Life & Letters

Correspondence

About this Item

Title: Walt Whitman to Richard Maurice Bucke, 1 November 1888

Date: November 1, 1888

Source: The transcription presented here is derived from The Correspondence, ed. Edwin Haviland Miller (New York: New York University Press, 1961–1977), 4:230. For a description of the editorial rationale behind our treatment of the correspondence, see our statement of editorial policy.

Location: The Charles E. Feinberg Collection of the Papers of Walt Whitman, 1839–1919, Library of Congress, Washington, D.C.

Whitman Archive ID: loc.07539

Contributors to digital file: Blake Bronson-Bartlett, Stefan Schöberlein, Caterina Bernardini, and Stephanie Blalock




Camden
Thursday night
Nov: 1 '881

Had fine weather to-day. Much as usual with me—An elderly gentleman, an Iowan2 just ret'g from Eng[land], told me at a dining party at Rossetti's3 a Frenchman told him of a review of L of G. ab't three or four months ago in Paris—the gent. said he could give me the date & name of magazine & if so I will tell you—Your letter came last evn'g—Have had beef & onions for my dinner—Ate with relish—


Walt Whitman


Correspondent:
Richard Maurice Bucke (1837–1902) was a Canadian physician and psychiatrist who grew close to Whitman after reading Leaves of Grass in 1867 (and later memorizing it) and meeting the poet in Camden a decade later. Even before meeting Whitman, Bucke claimed in 1872 that a reading of Leaves of Grass led him to experience "cosmic consciousness" and an overwhelming sense of epiphany. Bucke became the poet's first biographer with Walt Whitman (Philadelphia: David McKay, 1883), and he later served as one of his medical advisors and literary executors. For more on the relationship of Bucke and Whitman, see Howard Nelson, "Bucke, Richard Maurice," Walt Whitman: An Encyclopedia, ed. J.R. LeMaster and Donald D. Kummings (New York: Garland Publishing, 1998).

Notes:

1. This letter is addressed: Dr R M Bucke | Asylum | London | Ontario Canada. It is postmarked: Camden, N.J. | Nov 1 | 8 PM | 88. [back]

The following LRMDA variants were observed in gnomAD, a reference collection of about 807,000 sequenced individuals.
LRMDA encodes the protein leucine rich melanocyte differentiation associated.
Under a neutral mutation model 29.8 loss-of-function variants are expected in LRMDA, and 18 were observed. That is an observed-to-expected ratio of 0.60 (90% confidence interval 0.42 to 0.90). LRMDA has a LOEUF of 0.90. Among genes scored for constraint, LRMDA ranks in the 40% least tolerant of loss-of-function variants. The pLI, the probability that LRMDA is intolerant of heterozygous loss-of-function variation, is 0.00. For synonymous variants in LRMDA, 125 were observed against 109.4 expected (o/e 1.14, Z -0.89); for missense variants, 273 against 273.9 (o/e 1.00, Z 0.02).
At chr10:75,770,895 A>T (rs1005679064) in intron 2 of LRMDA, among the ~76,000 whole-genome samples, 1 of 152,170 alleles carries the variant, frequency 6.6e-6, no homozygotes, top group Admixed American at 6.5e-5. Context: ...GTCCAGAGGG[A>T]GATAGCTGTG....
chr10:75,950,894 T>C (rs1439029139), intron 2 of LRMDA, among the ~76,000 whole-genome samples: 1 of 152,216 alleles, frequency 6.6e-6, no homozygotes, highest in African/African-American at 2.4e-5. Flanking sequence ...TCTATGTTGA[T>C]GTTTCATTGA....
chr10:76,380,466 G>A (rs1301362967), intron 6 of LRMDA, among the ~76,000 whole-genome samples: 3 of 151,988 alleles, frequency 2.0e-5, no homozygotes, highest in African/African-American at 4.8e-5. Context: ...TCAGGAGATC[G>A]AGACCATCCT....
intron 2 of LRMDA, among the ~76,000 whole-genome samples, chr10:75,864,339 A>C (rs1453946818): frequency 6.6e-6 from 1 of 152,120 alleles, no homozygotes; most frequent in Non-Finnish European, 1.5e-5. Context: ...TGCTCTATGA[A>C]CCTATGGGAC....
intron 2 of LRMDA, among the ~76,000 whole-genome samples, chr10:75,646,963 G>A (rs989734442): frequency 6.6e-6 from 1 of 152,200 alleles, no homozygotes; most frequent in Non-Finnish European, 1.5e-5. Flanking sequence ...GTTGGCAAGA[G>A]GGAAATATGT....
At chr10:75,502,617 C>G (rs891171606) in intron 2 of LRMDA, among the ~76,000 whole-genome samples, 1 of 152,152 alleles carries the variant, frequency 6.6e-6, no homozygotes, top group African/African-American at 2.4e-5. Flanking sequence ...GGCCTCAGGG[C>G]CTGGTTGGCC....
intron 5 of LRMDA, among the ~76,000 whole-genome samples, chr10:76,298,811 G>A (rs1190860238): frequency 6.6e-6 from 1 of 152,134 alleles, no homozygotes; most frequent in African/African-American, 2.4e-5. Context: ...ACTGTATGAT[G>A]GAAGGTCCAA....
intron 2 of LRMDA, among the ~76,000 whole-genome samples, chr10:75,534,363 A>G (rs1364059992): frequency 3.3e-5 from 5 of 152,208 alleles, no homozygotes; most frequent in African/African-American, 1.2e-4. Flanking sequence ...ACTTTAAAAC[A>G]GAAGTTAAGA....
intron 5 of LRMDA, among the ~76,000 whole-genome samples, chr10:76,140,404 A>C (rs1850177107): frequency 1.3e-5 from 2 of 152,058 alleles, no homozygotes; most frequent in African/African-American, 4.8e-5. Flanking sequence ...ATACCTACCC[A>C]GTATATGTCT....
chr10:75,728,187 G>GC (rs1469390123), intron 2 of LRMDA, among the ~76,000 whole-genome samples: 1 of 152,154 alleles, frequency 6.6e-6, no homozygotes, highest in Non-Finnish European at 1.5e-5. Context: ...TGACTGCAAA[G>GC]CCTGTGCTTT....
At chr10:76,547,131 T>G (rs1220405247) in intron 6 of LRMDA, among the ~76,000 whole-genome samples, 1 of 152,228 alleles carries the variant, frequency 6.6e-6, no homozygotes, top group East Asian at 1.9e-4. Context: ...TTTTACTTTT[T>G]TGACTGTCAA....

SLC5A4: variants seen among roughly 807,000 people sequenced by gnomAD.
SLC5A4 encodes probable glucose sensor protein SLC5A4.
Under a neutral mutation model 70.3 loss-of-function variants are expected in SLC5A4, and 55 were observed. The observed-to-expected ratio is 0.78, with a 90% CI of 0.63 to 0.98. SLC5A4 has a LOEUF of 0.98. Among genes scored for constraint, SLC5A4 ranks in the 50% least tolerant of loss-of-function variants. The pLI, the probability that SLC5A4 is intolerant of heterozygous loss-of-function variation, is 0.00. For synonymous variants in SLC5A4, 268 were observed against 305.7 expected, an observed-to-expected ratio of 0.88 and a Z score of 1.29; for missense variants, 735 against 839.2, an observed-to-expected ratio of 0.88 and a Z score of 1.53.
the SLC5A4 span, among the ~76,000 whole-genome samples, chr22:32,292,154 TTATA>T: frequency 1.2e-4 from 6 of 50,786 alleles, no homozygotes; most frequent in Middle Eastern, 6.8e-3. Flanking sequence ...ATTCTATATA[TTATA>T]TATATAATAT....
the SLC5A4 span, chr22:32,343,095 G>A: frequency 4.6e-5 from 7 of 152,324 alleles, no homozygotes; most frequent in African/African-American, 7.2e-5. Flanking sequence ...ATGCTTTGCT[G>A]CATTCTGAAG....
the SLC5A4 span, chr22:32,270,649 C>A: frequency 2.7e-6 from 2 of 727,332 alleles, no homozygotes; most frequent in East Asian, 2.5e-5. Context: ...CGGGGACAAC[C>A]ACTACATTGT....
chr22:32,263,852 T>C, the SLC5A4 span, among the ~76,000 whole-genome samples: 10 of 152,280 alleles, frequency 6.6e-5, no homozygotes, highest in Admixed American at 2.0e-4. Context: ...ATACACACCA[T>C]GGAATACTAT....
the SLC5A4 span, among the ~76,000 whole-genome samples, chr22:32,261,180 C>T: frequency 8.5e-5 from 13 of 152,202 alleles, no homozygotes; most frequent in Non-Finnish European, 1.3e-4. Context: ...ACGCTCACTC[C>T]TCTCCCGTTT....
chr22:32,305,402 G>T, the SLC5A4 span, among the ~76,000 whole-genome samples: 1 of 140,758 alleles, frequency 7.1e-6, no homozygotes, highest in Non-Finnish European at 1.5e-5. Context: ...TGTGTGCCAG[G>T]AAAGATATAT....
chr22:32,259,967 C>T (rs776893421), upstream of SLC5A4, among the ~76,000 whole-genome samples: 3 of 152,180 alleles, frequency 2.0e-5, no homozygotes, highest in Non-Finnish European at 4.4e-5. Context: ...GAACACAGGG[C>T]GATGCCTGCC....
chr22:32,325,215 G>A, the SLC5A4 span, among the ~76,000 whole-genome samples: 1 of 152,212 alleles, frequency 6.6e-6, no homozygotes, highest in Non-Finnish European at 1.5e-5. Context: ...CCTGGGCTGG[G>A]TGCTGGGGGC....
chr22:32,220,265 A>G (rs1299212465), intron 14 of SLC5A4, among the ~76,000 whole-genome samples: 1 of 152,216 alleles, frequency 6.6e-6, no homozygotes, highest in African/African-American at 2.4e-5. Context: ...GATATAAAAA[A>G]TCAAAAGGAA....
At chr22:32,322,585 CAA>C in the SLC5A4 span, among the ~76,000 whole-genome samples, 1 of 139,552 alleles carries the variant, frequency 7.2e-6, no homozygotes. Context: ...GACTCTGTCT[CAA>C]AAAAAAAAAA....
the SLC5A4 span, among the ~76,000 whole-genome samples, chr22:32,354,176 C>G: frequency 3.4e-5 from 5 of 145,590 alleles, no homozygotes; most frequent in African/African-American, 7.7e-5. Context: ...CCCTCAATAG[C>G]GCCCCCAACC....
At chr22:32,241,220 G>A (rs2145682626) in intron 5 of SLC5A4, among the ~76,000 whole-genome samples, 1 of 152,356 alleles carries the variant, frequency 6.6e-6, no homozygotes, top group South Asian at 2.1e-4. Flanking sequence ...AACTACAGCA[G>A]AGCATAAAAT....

2. Whitman is referring to Charles Aldrich (1828–1908) (see Horace Traubel, With Walt Whitman in Camden, Thursday, November 1, 1888). For more on Aldrich, see Ed Folsom, "The Mystical Ornithologist and the Iowa Tufthunter: Two Unpublished Whitman Letters and Some Identifications," Walt Whitman Quarterly Review 1 (Summer 1983), 18–29. The "review" is probably Gabriel Sarrazin's essay which appeared May 1 in La Nouvelle Revue[back]

3. William Michael Rossetti (1829–1915), brother of Dante Gabriel and Christina Rossetti, was an English editor and a champion of Whitman's work. In 1868 Rossetti edited Whitman's Poems, selected from the 1867 Leaves of Grass. Whitman referred to Rossetti's edition as a "horrible dismemberment of my book" in his August 12, 1871, letter to F.S. Ellis. Nonetheless, the edition provided a major boost to Whitman's reputation, and Rossetti would remain a staunch supporter for the rest of Whitman's life, drawing in subscribers to the 1876 Leaves of Grass and fundraising for Whitman in England. For more on Whitman's relationship with Rossetti, see Sherwood Smith, "Rossetti, William Michael (1829–1915)," Walt Whitman: An Encyclopedia, ed. J.R. LeMaster and Donald D. Kummings (New York: Garland Publishing, 1998). [back]


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